Resident perspective on COVID-19
LT Danielle Wickman, MD
Life has definitely changed over the past few months. When I started this year, I was full of excitement and relief. I am two months shy of finishing residency at one of the most notoriously grueling residency programs in the country, and as a fourth-year resident, I looked forward to this reprieve. However, as we know, things do not always work out as planned, and we must be adaptive to change.
Because of the COVID-19 pandemic, I have had experiences I never thought I would. As ER doctors, we know and willingly accept the risk that we will be exposed to many infectious diseases. Initially, I mainly felt fear of the unknown;fear for my family, friends, and colleagues. I spent hours online daily, trying to best understand this new virus, how we could best protect ourselves, the clinical picture that patients would present with, and what therapies we could offer. Did my hospital have a plan? How would I best serve my patients while ensuring I was protected so I could continue working? In the very beginning, our hospital had limited access to testing, and PPE was being distributed on a “need” basis without clear guidelines of what PPE was required for each patient encounter. It was initially deemed unnecessary to wear a face mask at all times. We were reusing certain PPE items due to concern for future shortages. Luckily, my colleagues and I voiced our concerns and now have much improved access to PPE.
Information on COVID changed on a daily, even hourly basis, and we were inexperienced and unprepared to deal with a pandemic of this magnitude . My generation of physicians had not experienced a true pandemic. My residency program initially had only attendings seeing COVID rule outs, but when it became apparent that the numbers of these patients were increasing, this soon stopped. Our current policy is to try to stick to senior level residents seeing and performing high risk aerosolizing procedures on these patients, but as we know, there are many asymptomatic COVID carriers.
I personally had a COVID exposure and became sick with URI symptoms after attending a conference in New York. Initially, I was unable to get COVID testing myself. I felt guilt for calling off work and after working with symptoms and possibly exposing my patients without knowing if I had COVID myself. I chose to stay home, and found alternative ways to get tested. I ultimately had a negative test, but during my weeks of quarantine and isolation, I found myself feeling scared, anxious, and frustrated. Seeing our lack of access to timely testing made me wonder how we will handle this pandemic as a medical society. Who do we test? What is the policy if residents become sick? What is a high versus low risk exposure?
This pandemic has affected us all differently. The fear I initially felt has decreased as more access to appropriate PPE became available. However, one shift, while working in our “COVID” pod , I noticed my mask leaking. I have had colleagues whose mask straps have broken while intubating patients. I was able to get fit tested and found that none of the masks we have available for our staff fit properly to protect me from aerosolized particles. I now wear a PAPR if performing high risk aerosolizing procedures. While our PPE situation has improved, the initial lack of appropriate PPE caused a large sense of fear and frustration.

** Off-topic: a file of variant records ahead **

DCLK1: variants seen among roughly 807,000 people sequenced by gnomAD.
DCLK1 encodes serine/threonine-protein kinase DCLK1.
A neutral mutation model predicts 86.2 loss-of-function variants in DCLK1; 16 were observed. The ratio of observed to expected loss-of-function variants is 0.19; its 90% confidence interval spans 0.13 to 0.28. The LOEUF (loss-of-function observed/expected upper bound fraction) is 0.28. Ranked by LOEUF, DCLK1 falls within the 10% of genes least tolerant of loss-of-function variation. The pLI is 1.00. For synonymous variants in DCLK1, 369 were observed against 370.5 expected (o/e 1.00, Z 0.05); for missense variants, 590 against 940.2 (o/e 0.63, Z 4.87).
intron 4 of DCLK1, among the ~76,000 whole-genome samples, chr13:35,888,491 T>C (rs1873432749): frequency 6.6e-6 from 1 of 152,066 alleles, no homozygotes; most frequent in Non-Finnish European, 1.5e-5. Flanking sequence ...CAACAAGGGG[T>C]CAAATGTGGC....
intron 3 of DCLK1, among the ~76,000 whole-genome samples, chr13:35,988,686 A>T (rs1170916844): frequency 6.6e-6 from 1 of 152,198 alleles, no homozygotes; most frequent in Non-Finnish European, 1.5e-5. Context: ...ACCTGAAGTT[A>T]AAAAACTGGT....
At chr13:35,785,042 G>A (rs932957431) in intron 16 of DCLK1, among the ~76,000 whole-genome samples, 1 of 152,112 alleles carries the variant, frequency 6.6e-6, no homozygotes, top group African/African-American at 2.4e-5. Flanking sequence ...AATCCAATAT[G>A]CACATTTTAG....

The social aspect of being a provider during this pandemic is something that has had profound impacts on physicians. I don’t know when the next time I will be able to see and hug my family will be. Living alone is a blessing and a curse. I am lucky that I do not have to worry about exposing others on a regular basis, but I also find myself feeling isolated on days off. Being away from my support system has been mentally taxing. I know many of my colleagues are in the same boat, especially those who have had to isolate themselves from their spouses and children. I can only imagine how hard that must be. I am grateful for ACEP and the number of housing resources that have been made available to ER providers. I urge residents to seek out healthy methods of coping with this difficult time. Therapy can be immensely helpful, and I encourage others to seek out care for your mental health. We have technology that allows us to connect with each other. While it isn’t the same as being in person, it is something.
I am due to PCS as a new officer in the Navy this summer. COVID-19 has created a large amount of uncertainty for medical students, residents, and current officers. The most recent guidelines have established a “stop movement” order until June 30. There are exceptions, which are listed in the current NAVADMIN guidelines. An important exception to note is that “travel associated with uniformed personnel recruiting and accessions activities, to include accessions, basic training, advanced individual training and follow‐on travel to the first duty station” is exempt from this stop movement order. As of this time, ODS is still occurring, but I have not heard formal details if there are modifications being made to promote social distancing. I would recommend reaching out to your respective command for further specific details.
At the end of the day, this pandemic will bring its challenges. I urge you to come together as a team and continue to look out for one another. We can choose to accept that this will be present for the time being and learn how to bring out the best in ourselves during trying times. Let us continue to be the leaders and make a positive impact in our society and in our profession.